A living space for a horse caretaker in Chattahoochee River Club has been approved, though commissioners did not seem to be happy about it.
On Thursday, commissioners voted unanimously to approve a conditional-use permit for Mommies Properties, LLC for 850 square feet of an existing structure at 3450 Bentwood Drive to be used for the residence, though it will not receive a certificate of occupancy until all county regulations are met.
“We do have a situation where it appears that we have an applicant that has basically thumbed their nose at all of our regulations and all of our code requirements and application requirements for work being performed on the property,” said District 5 Commissioner Laura Semanson, who represents the area and made the motion. “That being said, it is my understanding that that is not a basis for outright denial.”
Planning and Community Development Director Tom Brown said there was currently a stop-work order on the property due to Metro River Protection Act corridor issues. He said he would need to look into the property’s file but felt the stop-work order would not apply to renovations.
Engineering Director Jon Cunard said the property had also previously received a stop-work order from his office but he was “not really sure what the status is.” He said the order would be ongoing until fines were paid and the site conformed to the standards.
County Attorney Ken Jarrard said when the county officials went out to certify occupancy “they can find other issues that may be untethered to the actual permit itself.”
Though no public hearing was held at Tuesday’s meeting, John Richards, who said he was a representative with Chattahoochee River Club’s homeowner’s association, spoke during a public comments portion of the meeting.
He said a paddock on the property had been rebuilt within the last two months and he believed a stop-work order had been violated.
The applicant requested the residence be approved for 2,500 square feet of an existing 12,346-square-foot structure.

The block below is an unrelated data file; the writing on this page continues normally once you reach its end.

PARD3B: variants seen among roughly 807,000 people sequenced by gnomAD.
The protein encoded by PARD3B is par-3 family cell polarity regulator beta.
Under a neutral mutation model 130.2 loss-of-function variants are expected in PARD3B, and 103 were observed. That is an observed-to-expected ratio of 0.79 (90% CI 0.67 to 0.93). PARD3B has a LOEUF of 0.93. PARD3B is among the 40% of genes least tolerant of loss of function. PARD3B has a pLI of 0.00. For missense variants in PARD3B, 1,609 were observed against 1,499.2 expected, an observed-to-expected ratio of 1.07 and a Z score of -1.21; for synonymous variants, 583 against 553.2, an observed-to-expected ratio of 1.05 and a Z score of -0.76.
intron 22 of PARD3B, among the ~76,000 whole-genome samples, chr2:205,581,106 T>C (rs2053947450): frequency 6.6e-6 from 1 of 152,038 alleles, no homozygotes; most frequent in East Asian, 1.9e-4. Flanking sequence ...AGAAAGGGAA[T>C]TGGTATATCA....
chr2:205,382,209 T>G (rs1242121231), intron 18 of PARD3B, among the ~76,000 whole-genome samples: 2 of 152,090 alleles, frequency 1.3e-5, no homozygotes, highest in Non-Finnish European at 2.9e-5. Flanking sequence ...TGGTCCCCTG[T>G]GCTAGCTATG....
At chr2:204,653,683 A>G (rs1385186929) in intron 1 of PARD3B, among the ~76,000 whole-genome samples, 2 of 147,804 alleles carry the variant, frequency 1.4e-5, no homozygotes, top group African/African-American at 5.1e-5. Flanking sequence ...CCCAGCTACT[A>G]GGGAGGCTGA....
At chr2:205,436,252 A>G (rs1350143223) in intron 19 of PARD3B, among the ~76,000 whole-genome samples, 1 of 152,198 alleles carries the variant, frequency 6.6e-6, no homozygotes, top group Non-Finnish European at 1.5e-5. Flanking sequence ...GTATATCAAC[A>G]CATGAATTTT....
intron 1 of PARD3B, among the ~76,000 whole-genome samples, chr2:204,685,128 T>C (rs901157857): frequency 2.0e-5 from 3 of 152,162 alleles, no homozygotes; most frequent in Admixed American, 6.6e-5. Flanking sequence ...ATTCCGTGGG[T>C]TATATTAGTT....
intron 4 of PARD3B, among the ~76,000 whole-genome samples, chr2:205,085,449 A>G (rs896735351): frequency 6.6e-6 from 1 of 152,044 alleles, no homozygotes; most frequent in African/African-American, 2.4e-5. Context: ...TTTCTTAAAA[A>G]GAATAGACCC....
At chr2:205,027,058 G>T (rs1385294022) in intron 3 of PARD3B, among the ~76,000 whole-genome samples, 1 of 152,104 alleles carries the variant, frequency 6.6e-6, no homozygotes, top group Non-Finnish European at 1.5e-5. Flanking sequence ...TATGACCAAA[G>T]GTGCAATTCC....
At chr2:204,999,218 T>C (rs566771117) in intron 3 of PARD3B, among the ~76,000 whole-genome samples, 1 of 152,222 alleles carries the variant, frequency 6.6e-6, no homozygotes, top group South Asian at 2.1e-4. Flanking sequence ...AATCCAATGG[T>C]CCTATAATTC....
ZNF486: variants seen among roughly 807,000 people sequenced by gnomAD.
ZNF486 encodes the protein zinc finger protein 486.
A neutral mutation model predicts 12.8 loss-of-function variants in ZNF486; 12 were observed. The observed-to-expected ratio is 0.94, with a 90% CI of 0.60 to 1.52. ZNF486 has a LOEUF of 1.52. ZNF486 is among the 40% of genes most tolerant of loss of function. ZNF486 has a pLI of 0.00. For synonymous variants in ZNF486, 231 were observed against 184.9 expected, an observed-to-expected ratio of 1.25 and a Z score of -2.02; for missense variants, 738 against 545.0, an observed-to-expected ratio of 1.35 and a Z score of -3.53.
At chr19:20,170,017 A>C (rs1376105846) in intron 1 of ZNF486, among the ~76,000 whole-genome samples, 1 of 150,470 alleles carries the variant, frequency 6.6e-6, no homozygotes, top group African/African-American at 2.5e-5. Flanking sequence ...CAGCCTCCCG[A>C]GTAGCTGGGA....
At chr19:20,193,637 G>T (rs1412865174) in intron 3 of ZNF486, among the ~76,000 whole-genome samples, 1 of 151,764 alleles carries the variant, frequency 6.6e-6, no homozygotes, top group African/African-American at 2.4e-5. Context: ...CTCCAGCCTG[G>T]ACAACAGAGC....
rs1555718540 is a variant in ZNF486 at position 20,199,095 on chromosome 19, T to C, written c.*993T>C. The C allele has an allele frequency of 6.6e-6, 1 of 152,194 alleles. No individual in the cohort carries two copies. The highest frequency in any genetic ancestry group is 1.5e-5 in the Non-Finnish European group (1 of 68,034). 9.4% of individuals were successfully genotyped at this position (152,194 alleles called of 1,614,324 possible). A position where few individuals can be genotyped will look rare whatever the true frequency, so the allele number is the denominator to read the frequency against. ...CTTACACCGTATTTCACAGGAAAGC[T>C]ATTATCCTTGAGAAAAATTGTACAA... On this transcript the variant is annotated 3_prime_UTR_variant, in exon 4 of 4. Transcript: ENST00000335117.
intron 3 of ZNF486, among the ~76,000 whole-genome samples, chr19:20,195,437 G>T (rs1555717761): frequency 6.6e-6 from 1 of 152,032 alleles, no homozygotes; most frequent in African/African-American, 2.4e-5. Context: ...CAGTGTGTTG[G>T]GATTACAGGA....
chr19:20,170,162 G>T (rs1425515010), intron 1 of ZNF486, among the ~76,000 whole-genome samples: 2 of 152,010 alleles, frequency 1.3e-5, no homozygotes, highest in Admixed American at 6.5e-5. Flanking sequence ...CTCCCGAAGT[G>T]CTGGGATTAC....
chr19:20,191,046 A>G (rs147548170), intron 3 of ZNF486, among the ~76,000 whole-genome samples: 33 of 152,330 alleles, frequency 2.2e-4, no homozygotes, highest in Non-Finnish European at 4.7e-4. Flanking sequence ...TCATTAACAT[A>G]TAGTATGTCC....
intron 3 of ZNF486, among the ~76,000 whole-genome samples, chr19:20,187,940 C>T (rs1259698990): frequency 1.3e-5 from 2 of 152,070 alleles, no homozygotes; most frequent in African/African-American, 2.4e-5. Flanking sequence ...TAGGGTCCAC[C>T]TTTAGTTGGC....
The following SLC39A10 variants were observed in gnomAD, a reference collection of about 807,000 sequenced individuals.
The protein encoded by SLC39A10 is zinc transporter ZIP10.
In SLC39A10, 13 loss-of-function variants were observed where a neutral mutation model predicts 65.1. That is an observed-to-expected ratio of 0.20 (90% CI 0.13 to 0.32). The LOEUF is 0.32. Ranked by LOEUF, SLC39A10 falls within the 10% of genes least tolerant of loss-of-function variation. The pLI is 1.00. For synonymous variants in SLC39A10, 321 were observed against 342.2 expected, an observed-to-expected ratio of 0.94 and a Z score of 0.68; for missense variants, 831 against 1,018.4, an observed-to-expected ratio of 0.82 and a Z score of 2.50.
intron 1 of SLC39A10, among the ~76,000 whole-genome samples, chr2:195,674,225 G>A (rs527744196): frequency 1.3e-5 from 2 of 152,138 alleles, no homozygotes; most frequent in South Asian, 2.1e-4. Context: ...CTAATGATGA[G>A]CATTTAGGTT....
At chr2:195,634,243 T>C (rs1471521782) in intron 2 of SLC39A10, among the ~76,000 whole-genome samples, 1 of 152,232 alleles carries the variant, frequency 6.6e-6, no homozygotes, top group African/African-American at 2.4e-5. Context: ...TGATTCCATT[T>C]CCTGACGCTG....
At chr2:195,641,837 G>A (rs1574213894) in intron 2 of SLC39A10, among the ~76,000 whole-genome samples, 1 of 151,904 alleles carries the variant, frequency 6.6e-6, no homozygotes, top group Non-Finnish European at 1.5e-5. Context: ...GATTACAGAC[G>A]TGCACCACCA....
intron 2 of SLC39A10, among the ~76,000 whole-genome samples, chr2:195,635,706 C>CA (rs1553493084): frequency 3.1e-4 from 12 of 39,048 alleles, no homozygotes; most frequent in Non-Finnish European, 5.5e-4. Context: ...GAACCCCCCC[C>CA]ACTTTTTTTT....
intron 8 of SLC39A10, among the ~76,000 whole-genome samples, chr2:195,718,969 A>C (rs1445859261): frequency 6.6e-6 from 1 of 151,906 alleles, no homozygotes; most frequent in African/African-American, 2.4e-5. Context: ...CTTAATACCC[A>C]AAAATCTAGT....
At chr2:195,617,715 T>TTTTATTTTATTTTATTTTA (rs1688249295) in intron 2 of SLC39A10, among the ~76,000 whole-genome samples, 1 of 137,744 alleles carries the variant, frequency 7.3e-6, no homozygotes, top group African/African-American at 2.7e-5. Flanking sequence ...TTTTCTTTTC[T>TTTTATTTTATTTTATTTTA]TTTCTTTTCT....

Chairman Todd Levent said he had spoken with horse owners and trainers who agreed it was better to have someone at the facility overnight but said he had some concerns about the proposed size.
“I don’t know that 2,500 is the right number,” he said. “It seems a little bit large.”
Semanson said she would prefer the owner “get right with the county” when it came to the issues but wanted to move ahead with the project.
She said the zoning was more than 30 years old.
“It would have never been zoned as a (commercial business district) property within a residential subdivision if it were not for the extreme limitations on uses,” Semanson said. “It was built as an equestrian facility in an equestrian-themed neighborhood. It’s clear what the intent was, and that should not change over time.”
Semanson said for the majority of its existence a trailer was “an adequate amount of space” for a residence on the property.
“I looked at the average sizes of housing facilities that are required for somebody that would be performing the duties of essentially a night watchman or an on-site operator,” she said.
She said based on figures from the U.S. Inventory of Apartments from 2016, a studio apartment is about 504 square feet, a one-bedroom apartment is 752 square feet and apartments overall are 934 square feet.